I wanted to make a window bigger and everyone was telling me how easy of a project that is, cut a hole in the wall, get an standard window and pluck it in, finish up. Cheap, done in 2 days.
    When I actually started getting quotes, it turned out they were assuming drywall; with lath and plaster it’s much harder to cut (some contractors straight up say “I don’t work with lath and plaster”), the window has to be custom ordered (weeks of waiting), etc. A huge pain and much more expensive.

    1. I work on old homes that are almost exclusively plaster and lath. I cut in outlets, switch box, windows, door and change opening all the time. It is easy to do without damaging any plaster around it. It was much more difficult before the tools we have today but it’s easy now and not that much more difficult than cutting drywall.

      1. I would agree Scott. The mistake many tradesmen make is that they cut wood lath and plaster with a reciprocating saw.
        This causes the wood lath to shift violently and damage the plaster surface. It’s fine to use a Saws-all on drywall, but unwise to use it on wood lath and plaster. Use another less intrusive tool.

        1. Yes. I use a 4 inch diamond edge blade on a grinder. No vibration, just smooth cut. It does put out a lot of plaster dust so use a good OSHA mask.

  14. I have a brick home built in the 40’s. All plaster walls! We are remodeling the kitchen which has drywall for the upper half and paneling on the lower half. I ripped the paneling off to discover layers upon layers of wallpaper. The upper half sticks out a bit more than the lower half. With that being said, how do I repair these walls? Do I patch up the lower half with drywall to match the upper half? Or tear it all down? Will I have to remove all of the wallpaper? I mean there is ALOT!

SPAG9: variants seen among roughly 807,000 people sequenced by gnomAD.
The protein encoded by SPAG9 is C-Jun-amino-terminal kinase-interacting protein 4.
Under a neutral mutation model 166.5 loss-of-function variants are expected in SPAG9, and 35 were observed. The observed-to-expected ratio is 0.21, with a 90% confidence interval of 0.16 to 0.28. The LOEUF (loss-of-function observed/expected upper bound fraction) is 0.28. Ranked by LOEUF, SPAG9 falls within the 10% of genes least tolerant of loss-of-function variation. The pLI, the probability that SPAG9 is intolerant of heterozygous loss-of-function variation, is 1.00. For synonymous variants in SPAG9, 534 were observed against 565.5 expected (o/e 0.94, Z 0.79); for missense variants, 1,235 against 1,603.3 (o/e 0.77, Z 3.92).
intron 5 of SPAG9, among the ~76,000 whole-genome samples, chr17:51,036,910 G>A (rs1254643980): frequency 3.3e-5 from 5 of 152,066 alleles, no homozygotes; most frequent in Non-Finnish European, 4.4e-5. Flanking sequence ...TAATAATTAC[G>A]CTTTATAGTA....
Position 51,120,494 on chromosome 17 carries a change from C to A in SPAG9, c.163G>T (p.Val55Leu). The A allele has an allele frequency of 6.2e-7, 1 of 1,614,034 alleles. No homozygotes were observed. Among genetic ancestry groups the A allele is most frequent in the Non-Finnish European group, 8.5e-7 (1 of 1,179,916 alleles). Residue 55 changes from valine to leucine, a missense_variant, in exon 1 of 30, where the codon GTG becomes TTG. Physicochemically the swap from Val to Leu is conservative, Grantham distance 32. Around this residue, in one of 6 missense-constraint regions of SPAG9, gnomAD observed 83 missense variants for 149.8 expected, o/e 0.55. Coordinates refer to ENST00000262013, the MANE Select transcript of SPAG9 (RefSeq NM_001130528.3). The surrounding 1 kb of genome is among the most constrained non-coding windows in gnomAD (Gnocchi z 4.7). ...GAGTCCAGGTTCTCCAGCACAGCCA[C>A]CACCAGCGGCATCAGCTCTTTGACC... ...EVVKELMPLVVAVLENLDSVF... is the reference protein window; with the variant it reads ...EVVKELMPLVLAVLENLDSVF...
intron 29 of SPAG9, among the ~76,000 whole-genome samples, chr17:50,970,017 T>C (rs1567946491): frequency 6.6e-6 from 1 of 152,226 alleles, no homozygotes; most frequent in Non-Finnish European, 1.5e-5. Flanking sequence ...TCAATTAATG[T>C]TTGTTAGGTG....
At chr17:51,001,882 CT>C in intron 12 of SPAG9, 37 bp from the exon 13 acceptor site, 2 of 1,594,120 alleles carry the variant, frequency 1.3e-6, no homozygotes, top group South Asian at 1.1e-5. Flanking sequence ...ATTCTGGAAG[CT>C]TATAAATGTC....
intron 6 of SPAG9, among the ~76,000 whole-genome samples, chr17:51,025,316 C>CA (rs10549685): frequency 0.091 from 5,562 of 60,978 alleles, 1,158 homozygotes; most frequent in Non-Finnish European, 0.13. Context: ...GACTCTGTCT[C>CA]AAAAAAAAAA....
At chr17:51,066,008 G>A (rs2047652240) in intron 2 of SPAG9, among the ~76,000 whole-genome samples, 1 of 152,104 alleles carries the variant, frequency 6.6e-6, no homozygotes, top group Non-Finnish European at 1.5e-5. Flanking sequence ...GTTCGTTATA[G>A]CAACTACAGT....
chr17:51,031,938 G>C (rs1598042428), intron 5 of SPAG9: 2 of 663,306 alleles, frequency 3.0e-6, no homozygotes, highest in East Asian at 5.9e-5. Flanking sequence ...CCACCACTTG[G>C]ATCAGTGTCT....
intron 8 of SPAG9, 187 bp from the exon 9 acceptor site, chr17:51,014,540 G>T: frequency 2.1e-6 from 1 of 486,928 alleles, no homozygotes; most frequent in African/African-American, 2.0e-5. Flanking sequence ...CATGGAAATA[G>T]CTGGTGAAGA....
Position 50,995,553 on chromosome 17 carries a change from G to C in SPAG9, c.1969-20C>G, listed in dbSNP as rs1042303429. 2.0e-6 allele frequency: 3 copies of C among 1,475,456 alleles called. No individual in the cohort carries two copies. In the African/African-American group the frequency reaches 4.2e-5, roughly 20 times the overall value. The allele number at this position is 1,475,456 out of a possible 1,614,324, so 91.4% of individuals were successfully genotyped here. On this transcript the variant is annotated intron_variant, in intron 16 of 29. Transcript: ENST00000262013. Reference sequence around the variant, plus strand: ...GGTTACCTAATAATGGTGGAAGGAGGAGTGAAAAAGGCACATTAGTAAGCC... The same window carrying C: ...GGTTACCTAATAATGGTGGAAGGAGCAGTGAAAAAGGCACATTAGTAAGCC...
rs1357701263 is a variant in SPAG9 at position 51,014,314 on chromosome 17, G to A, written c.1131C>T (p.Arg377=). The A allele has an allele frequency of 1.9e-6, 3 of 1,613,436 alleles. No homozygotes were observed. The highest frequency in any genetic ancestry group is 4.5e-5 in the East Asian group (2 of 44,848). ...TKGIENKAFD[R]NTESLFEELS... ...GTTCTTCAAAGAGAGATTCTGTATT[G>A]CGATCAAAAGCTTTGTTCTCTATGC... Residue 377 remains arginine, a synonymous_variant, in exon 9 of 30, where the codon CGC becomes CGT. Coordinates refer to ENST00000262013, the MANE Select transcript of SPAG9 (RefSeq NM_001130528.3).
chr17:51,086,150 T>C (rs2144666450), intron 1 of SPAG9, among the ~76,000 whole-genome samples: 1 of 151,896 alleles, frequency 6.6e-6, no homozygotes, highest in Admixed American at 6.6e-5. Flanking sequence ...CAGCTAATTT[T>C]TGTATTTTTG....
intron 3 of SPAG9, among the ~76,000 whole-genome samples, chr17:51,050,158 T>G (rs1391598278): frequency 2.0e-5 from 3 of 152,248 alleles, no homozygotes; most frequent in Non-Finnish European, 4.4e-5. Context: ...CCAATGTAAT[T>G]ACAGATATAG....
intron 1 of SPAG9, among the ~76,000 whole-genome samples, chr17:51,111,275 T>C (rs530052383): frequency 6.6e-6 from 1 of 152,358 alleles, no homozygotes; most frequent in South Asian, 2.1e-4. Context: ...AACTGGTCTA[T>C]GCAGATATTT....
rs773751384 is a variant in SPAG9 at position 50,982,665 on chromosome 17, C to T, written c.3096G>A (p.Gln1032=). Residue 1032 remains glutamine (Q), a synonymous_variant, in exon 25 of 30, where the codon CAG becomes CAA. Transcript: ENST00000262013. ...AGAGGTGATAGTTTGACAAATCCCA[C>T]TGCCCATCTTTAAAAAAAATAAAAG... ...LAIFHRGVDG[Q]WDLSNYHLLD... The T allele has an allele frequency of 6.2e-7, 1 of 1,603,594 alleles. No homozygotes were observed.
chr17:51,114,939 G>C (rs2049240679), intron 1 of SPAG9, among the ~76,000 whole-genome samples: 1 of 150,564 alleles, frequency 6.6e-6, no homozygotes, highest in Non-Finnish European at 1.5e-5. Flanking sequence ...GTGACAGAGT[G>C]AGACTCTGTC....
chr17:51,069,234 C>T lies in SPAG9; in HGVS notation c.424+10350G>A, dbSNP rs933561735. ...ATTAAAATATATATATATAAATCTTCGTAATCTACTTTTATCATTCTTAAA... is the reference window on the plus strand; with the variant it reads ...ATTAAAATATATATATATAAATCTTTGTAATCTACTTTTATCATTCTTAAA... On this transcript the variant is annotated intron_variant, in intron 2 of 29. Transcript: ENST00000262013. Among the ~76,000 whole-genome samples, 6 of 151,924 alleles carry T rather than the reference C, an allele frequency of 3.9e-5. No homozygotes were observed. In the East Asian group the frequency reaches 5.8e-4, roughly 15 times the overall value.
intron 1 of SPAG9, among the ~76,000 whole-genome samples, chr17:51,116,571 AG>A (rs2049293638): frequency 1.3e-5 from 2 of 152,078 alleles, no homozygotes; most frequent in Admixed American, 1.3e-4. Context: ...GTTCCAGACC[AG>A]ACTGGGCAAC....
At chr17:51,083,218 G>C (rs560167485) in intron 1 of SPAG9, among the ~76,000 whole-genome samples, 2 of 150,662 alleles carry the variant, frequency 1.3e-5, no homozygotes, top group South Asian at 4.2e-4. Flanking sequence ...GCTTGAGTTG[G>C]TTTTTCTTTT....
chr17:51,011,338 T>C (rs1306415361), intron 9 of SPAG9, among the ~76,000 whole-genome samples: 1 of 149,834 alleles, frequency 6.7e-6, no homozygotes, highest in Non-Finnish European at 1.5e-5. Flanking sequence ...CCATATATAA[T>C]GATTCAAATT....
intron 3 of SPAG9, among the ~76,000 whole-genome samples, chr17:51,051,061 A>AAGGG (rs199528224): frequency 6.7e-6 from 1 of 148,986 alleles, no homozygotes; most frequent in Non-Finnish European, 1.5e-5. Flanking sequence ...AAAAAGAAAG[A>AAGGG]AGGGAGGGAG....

15. So glad to have found this!! We have just purchased a 1937 cottage, and I’m debating what to do with the walls. I don’t know if they are plaster or not, but they do have some sort of paper on them, and in many of the corners, the paper has pulled away, and cracked. The inside of all the closets have planking that looks like it had the cheesecloth backed paper on it. But I have peeled a tiny piece of the paper away from one of the corners in a bedroom, and there is definitely either plaster or gypsum underneath. If the closets have planking, and I also see it behind the kitchen cabinets, do you think that is what all my walls have underneath the paper and gypsum/plaster as opposed to lathing??

  16. Can anyone tell me the best way to prevent ripping out my plaster walls so I can insulate my home? It’s a 1922 brick home so it’s not as easy as remove a couple of clapboards.

    Any help appreciated.

    1. I’ve got a similar situation and I believe it’s worthwhile to conserve the plaster as much as possible. If the underlying structure is sound – while you won’t be able to re-create the damaged plaster, you can substitute drywall or the like.
      First you need to figure out what the source of the damage is. In my case (and probably yours), there’s a water/moisture issue, and/or an issue of pressure(weight) from later additions to the house.
      In my case, there’s a very, very slow water/moisture leak, from the outside. I say slow, because I’ve owned the house for 30 years and observed the situation all that long.